“Exceptions just don't work,” McNicholas said. “Yes, most folks are accessing abortion early in pregnancy. But there are a whole host of reasons why folks might need abortion access after 12 weeks of pregnancy. And what we know ... is that the government should not be the one who's making a decision about when somebody should be able to continue or not a pregnancy and whether to expand their family or not.”
McNicholas said that any abortion initiative in Missouri should not have a specific week limit on when someone can terminate a pregnancy. She added “anytime we impose artificial and made-up restrictions, whether it be gestational age or otherwise, we are really doing a disservice” to patients and physicians.
“We're sitting here in the state of Missouri, where if you violate an abortion law, it is a criminal penalty,” she said. “Your ability to provide and practice medicine will be taken away. And the truth is that abortion later in pregnancy, and really any decision about pregnancy, is almost never black and white, it really exists in a pool of gray.”
No decision has been made yet about which of the 11 initiative petitions to circulate for signatures. Schwarz said “if it was Mallory's decision, I would pick the most expansive policy possible."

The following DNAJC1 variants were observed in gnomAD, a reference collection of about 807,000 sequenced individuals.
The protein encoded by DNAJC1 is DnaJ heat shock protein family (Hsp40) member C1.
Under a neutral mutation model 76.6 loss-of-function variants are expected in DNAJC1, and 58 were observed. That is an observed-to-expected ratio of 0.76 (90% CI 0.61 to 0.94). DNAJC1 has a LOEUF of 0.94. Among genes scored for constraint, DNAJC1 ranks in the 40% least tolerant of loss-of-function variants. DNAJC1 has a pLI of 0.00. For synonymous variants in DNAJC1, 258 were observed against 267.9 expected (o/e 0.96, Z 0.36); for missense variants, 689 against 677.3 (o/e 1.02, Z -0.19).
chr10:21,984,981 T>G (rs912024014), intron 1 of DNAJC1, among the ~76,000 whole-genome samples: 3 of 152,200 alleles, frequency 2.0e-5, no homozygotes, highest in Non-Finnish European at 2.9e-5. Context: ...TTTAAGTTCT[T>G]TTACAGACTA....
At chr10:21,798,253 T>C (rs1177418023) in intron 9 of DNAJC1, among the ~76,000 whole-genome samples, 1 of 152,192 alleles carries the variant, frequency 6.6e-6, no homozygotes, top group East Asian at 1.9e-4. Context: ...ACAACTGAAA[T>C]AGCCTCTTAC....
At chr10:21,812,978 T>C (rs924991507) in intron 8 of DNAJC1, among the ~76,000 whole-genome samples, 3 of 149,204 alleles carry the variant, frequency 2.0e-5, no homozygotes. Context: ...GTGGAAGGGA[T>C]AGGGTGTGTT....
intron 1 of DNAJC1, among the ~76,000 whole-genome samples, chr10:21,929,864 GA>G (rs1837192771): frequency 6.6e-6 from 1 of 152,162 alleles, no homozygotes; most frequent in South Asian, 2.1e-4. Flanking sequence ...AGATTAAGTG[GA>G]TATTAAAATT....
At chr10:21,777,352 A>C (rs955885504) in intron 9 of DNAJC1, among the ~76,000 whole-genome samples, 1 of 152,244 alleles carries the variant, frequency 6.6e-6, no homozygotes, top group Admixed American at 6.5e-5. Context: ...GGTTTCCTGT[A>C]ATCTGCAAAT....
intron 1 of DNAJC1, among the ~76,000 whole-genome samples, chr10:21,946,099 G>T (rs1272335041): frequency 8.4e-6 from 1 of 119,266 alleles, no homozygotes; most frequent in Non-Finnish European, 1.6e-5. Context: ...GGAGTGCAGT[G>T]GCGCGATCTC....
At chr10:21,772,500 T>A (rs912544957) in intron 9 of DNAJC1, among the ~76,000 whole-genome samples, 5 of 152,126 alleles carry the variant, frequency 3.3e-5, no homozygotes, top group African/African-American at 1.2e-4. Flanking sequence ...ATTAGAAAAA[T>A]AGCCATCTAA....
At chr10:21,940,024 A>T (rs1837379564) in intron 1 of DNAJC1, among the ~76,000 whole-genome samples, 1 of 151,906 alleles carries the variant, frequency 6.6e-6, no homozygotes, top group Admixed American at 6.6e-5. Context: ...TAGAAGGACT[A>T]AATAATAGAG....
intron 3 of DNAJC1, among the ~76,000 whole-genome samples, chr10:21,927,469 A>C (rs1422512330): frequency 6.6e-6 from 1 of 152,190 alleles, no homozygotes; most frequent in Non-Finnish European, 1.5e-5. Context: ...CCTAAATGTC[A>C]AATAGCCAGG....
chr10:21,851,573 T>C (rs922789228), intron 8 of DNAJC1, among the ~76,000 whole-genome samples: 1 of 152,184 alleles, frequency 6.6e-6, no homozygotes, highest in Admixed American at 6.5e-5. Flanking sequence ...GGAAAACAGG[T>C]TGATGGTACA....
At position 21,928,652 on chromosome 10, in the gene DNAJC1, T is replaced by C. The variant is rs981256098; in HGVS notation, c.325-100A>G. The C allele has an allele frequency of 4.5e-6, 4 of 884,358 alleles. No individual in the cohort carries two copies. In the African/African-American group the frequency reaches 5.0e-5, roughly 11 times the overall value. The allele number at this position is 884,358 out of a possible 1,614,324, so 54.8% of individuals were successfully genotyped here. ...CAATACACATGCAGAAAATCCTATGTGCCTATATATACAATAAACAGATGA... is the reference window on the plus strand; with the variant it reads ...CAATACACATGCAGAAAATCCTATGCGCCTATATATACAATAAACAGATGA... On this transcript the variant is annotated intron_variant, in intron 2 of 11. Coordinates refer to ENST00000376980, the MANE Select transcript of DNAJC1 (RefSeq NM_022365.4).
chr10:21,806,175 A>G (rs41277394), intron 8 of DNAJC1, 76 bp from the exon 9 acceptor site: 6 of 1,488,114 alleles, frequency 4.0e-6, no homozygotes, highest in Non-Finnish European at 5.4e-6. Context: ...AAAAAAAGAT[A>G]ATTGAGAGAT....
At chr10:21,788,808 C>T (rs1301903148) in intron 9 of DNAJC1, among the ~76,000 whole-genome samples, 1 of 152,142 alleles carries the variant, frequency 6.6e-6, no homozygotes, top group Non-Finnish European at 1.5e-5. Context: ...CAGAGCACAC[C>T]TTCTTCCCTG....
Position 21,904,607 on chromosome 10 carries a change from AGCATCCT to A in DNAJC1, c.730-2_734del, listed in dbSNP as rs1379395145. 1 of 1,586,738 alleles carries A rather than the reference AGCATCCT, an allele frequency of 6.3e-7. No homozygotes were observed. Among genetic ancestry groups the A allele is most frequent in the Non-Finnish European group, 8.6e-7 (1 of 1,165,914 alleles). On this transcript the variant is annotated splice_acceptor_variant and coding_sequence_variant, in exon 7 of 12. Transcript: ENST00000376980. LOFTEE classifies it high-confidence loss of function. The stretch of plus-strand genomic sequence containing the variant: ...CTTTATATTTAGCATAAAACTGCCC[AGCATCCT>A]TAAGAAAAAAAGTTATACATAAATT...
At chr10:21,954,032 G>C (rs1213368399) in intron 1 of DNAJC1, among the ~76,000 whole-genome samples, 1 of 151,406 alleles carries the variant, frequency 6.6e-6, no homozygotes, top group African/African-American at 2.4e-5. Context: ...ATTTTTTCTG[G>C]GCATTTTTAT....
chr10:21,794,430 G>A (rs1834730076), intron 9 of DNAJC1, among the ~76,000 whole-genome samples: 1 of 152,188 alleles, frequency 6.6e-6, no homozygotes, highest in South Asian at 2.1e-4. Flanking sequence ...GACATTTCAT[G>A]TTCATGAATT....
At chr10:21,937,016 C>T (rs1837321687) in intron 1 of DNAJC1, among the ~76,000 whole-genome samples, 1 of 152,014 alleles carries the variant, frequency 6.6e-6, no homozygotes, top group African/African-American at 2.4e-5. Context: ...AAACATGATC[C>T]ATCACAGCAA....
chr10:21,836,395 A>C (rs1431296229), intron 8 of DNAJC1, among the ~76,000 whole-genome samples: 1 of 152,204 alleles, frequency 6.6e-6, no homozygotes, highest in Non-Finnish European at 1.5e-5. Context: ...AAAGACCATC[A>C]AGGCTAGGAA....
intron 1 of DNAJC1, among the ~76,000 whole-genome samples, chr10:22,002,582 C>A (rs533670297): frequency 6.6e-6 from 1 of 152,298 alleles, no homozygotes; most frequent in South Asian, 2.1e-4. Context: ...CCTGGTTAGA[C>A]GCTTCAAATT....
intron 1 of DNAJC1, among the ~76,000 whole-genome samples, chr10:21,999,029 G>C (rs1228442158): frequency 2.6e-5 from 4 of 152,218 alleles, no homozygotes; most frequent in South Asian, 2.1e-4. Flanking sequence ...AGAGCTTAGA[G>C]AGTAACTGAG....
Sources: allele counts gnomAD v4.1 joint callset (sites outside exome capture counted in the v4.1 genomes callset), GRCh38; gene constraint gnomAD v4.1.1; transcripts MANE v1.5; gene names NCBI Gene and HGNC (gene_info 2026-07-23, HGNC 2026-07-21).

“I recognize it's not my personal decision,” Schwarz said. “And we look at a lot of factors that weigh in on what should move forward. And those factors are those that impact any ballot campaign: Is the funding there? What does research tell us? What is the coalition partnership saying? And so I think all these factors matter.”
While both Missouri’s Republicans and Democrats are bracing for some abortion initiative to come before voters, it’s not a guarantee that will actually happen.
Some abortion rights proponents have raised alarm that litigation over the estimated cost of the initiatives and ballot summariescould run out the clock to collect signatures before next May. Abortion rights opponents, though, have a different reaction.